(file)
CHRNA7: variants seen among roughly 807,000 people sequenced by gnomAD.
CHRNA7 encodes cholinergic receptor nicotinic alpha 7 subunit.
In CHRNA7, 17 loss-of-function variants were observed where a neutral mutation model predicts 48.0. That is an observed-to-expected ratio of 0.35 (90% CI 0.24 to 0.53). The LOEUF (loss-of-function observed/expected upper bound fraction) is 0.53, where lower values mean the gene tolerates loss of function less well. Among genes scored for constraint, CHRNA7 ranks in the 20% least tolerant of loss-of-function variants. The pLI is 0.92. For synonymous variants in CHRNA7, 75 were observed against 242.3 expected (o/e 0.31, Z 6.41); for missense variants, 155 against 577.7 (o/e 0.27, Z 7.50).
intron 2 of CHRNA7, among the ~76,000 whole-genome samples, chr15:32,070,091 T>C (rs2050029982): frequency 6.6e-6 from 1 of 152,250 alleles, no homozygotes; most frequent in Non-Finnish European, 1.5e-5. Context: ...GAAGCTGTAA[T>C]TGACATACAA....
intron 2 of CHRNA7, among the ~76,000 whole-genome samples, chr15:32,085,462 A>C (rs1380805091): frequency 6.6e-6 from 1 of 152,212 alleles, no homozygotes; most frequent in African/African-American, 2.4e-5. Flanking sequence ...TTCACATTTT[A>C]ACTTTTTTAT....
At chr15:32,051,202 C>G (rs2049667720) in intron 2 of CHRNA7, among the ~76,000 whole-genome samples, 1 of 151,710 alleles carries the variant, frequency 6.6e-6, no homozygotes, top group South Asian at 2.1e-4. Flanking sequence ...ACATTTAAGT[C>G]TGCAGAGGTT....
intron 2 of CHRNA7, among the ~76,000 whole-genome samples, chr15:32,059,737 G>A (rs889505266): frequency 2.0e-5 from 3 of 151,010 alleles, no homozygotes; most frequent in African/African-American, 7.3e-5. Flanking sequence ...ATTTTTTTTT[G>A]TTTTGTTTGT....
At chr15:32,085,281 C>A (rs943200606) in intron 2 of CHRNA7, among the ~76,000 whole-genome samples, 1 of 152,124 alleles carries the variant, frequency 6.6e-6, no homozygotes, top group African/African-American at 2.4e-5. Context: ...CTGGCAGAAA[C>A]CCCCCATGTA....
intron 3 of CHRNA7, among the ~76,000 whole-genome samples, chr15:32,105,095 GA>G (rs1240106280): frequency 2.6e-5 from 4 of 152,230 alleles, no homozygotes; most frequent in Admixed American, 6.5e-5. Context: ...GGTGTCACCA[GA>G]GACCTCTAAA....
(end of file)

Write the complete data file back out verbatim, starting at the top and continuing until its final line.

CHRNA7: variants seen among roughly 807,000 people sequenced by gnomAD.
CHRNA7 encodes cholinergic receptor nicotinic alpha 7 subunit.
In CHRNA7, 17 loss-of-function variants were observed where a neutral mutation model predicts 48.0. That is an observed-to-expected ratio of 0.35 (90% CI 0.24 to 0.53). The LOEUF (loss-of-function observed/expected upper bound fraction) is 0.53, where lower values mean the gene tolerates loss of function less well. Among genes scored for constraint, CHRNA7 ranks in the 20% least tolerant of loss-of-function variants. The pLI is 0.92. For synonymous variants in CHRNA7, 75 were observed against 242.3 expected (o/e 0.31, Z 6.41); for missense variants, 155 against 577.7 (o/e 0.27, Z 7.50).
intron 2 of CHRNA7, among the ~76,000 whole-genome samples, chr15:32,070,091 T>C (rs2050029982): frequency 6.6e-6 from 1 of 152,250 alleles, no homozygotes; most frequent in Non-Finnish European, 1.5e-5. Context: ...GAAGCTGTAA[T>C]TGACATACAA....
intron 2 of CHRNA7, among the ~76,000 whole-genome samples, chr15:32,085,462 A>C (rs1380805091): frequency 6.6e-6 from 1 of 152,212 alleles, no homozygotes; most frequent in African/African-American, 2.4e-5. Flanking sequence ...TTCACATTTT[A>C]ACTTTTTTAT....
At chr15:32,051,202 C>G (rs2049667720) in intron 2 of CHRNA7, among the ~76,000 whole-genome samples, 1 of 151,710 alleles carries the variant, frequency 6.6e-6, no homozygotes, top group South Asian at 2.1e-4. Flanking sequence ...ACATTTAAGT[C>G]TGCAGAGGTT....
intron 2 of CHRNA7, among the ~76,000 whole-genome samples, chr15:32,059,737 G>A (rs889505266): frequency 2.0e-5 from 3 of 151,010 alleles, no homozygotes; most frequent in African/African-American, 7.3e-5. Flanking sequence ...ATTTTTTTTT[G>A]TTTTGTTTGT....
At chr15:32,085,281 C>A (rs943200606) in intron 2 of CHRNA7, among the ~76,000 whole-genome samples, 1 of 152,124 alleles carries the variant, frequency 6.6e-6, no homozygotes, top group African/African-American at 2.4e-5. Context: ...CTGGCAGAAA[C>A]CCCCCATGTA....
intron 3 of CHRNA7, among the ~76,000 whole-genome samples, chr15:32,105,095 GA>G (rs1240106280): frequency 2.6e-5 from 4 of 152,230 alleles, no homozygotes; most frequent in Admixed American, 6.5e-5. Context: ...GGTGTCACCA[GA>G]GACCTCTAAA....